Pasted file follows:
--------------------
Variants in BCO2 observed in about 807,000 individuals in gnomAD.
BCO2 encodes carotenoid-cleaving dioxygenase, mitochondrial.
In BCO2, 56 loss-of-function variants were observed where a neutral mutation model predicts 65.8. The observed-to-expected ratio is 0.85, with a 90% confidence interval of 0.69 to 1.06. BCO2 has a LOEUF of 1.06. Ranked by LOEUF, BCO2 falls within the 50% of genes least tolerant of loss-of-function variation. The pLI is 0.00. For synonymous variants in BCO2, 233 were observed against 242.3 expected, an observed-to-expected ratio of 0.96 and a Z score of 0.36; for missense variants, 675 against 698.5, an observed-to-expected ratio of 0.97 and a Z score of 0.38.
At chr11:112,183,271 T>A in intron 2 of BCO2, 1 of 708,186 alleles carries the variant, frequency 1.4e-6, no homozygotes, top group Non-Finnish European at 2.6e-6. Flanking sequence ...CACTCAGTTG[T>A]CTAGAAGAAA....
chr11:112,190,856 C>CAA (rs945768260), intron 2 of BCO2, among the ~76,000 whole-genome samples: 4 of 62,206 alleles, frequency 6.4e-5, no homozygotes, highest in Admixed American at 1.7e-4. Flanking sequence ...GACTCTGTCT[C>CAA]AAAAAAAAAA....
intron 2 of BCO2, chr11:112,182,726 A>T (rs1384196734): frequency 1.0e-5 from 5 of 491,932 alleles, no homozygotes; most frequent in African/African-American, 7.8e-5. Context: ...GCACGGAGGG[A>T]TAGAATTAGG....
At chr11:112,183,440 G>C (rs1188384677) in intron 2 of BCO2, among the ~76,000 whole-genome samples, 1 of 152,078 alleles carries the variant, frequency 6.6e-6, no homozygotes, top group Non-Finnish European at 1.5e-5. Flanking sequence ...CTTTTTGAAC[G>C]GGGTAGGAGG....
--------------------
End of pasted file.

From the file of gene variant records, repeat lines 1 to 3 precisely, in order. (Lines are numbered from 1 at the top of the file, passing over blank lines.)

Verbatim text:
Variants in BCO2 observed in about 807,000 individuals in gnomAD.
BCO2 encodes carotenoid-cleaving dioxygenase, mitochondrial.
In BCO2, 56 loss-of-function variants were observed where a neutral mutation model predicts 65.8. The observed-to-expected ratio is 0.85, with a 90% confidence interval of 0.69 to 1.06. BCO2 has a LOEUF of 1.06. Ranked by LOEUF, BCO2 falls within the 50% of genes least tolerant of loss-of-function variation. The pLI is 0.00. For synonymous variants in BCO2, 233 were observed against 242.3 expected, an observed-to-expected ratio of 0.96 and a Z score of 0.36; for missense variants, 675 against 698.5, an observed-to-expected ratio of 0.97 and a Z score of 0.38.